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Could the Conflict Between Iran and Israel Turn Nuclear?

If Iran decides to respond to a suspected Israeli strike on its territory on April 19, it might not have to pull its punches like it did the last time.

Tehran's telegraphed barrage against Israel last week was written off by many as a failure. But Iran has many arrows in its quiver should its standoff with Israel continue to escalate.

Experts say that Iran has more sophisticated weaponry at its disposal, can bring its proxies into the fight, and, unlike its attack on April 13, can utilize the element of surprise. And the ultimate threat -- officially activating its long-suspected effort to develop a nuclear weapon -- could come into play.

Caution First

Iran's initial response after its territory was hit on April 19 was muted. While unidentified U.S. officials reportedly said that Israel had carried out the attack, Tehran did not directly accuse Israel of involvement. Israel has not commented on the incident.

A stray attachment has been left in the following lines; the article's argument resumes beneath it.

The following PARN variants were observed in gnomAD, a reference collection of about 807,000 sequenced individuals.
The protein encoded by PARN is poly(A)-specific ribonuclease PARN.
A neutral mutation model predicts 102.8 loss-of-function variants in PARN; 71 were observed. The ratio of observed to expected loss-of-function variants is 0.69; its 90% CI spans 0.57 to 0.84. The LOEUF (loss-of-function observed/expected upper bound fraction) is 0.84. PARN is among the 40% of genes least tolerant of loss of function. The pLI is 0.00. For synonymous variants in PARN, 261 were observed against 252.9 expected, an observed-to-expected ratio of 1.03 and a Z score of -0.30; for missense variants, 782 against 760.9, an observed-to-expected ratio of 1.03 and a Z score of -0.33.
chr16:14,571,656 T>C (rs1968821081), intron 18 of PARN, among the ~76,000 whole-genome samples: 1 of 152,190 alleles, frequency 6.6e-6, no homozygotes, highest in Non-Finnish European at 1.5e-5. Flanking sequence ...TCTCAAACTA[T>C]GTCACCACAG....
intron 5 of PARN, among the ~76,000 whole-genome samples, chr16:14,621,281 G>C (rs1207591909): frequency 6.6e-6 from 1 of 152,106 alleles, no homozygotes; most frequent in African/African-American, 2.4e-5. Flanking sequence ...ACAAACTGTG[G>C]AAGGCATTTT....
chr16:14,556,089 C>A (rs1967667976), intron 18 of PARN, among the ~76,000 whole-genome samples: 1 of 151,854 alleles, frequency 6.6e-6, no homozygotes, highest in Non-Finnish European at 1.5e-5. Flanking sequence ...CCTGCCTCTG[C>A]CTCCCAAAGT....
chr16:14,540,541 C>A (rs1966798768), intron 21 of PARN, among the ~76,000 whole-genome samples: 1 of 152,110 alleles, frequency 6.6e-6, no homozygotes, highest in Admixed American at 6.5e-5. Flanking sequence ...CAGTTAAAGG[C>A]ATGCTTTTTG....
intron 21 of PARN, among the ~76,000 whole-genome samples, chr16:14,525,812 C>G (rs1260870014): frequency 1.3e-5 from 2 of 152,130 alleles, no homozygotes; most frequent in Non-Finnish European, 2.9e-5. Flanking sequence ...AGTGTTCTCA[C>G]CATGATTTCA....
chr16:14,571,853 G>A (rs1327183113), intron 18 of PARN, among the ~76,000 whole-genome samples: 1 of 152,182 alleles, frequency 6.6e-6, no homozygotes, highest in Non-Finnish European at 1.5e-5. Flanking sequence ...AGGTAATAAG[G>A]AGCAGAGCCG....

A senior Iranian official told Reuters on condition of anonymity that there was "no plan for immediate retaliation, and no clarification on who is behind the incident."

"The foreign source of the incident has not been confirmed," the official said. "We have not received any external attack, and the discussion leans more toward infiltration than attack."

Iranian Army General Siyavush Mihandoust said only that explosions heard in the central city of Isfahan were "due to the work of air defenses against suspicious objects."

Iranian state television reported that three small drones were shot down east of Isfahan, which is home to Iranian nuclear facilities, and broadcast footage that projected an image of calm in the city.